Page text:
This collection of uniquely located, black and white children’s portraits, are paired with the simplicity of the child’s handwritten statement, conceived individually. This ongoing series provides a much-needed platform for young passionate voices, through the formal production of gallery sized works, aimed to heightening the perception of their importance.

From a child’s perspective, these statements combine to create an overall conversation of concern, hope, laughter, and love. Among the variety of topics, statements address issues of inequality, climate change, water, air and land pollution, homelessness, cancer, war, and drugs. Woven amongst these bolder statements, are heart warming statements of love and honest joys, surrounding family, play time and gelatos; reminiscent of requests for simplicity.

When We Speak refers to the age, as well as, the action of when we speak. Often, the children’s statements feel like a familiar memory, and question; When did we as adults lose focus of the same basic passions? The collection of portraits gives children a chance to openly share their thoughts, positive feedback, and bold suggestions. Specifically, hearing their intuitive, unedited, and uninhibited voices. Speaking mainly through their perception of the present and the future; the past emerges and shared memories of repeating conversations are discovered.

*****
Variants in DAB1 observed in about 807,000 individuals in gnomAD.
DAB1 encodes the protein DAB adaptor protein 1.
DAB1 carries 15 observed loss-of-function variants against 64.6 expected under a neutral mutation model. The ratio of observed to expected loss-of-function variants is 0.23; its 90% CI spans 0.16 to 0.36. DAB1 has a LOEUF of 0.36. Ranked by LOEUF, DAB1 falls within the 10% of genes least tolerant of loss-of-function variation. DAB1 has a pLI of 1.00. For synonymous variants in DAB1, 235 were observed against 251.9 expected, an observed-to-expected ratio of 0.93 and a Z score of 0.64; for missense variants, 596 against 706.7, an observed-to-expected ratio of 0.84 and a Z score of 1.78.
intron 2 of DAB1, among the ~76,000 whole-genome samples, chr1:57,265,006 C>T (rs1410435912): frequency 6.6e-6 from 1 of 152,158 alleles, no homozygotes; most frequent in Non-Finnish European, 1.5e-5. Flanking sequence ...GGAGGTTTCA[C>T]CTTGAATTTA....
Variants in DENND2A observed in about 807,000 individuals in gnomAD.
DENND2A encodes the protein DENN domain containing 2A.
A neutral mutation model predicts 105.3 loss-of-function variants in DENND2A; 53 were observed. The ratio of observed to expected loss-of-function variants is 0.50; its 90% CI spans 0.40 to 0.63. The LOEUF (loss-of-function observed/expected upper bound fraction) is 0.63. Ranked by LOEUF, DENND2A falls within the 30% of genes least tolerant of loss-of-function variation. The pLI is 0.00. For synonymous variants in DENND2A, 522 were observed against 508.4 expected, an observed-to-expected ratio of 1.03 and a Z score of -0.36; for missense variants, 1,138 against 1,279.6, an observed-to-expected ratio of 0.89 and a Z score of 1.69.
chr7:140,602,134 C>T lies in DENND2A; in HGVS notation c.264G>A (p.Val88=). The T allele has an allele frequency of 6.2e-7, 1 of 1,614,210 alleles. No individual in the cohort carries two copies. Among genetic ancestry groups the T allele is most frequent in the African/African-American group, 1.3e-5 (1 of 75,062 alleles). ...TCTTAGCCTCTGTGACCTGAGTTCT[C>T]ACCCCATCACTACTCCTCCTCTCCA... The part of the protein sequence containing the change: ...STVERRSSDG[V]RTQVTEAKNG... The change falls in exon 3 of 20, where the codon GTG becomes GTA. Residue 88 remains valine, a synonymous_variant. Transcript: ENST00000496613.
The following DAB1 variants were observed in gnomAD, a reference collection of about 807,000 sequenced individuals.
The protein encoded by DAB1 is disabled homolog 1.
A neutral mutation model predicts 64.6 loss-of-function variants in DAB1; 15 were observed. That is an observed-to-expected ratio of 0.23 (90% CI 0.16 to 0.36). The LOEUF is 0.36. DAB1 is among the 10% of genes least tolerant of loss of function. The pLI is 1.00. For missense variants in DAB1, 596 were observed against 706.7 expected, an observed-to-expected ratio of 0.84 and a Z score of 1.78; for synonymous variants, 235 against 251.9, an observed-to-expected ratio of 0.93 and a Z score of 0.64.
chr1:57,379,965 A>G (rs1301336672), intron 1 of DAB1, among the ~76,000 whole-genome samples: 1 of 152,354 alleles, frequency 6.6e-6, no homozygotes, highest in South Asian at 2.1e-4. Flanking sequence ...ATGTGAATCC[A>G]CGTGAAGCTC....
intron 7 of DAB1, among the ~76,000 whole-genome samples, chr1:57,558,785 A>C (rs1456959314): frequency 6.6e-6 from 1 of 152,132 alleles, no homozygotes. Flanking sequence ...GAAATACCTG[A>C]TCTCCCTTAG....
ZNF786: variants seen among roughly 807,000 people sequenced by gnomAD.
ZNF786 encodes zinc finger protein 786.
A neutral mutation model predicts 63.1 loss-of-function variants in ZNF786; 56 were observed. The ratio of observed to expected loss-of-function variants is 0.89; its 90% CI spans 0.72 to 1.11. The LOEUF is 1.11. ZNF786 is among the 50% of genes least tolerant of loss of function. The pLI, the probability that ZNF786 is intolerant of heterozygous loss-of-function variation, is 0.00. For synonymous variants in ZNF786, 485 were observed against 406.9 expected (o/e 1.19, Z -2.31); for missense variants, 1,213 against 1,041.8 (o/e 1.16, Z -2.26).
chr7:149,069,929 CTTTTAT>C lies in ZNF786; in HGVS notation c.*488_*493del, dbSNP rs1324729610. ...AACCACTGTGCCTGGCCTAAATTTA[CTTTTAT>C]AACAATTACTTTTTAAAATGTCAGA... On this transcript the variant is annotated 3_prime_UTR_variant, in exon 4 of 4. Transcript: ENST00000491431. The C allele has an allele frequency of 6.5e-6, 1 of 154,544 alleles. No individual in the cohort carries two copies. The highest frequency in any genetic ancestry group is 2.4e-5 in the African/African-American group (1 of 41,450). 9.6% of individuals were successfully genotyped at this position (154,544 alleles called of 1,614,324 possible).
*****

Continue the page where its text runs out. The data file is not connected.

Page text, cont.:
Handwritten statements on paper, combined with the portraits of this series, aim to communicate both individual thoughts and shared memories, reflective of the existing environments in which some conversations repeat with each new generation.

As the portraits were made, subjects were intentionally asked to hold their statements in mind, as though they were having a conversation with themselves, and conceivably me. As the images were captured, attempts on my part were made to remain neutral, as not to affect the outcome of their thoughts. Individuals were also asked if they had a location in mind, where they might like to record their statement. These sincere moments have passed, while the images remain as visible statements and reminders that these conversations existed.

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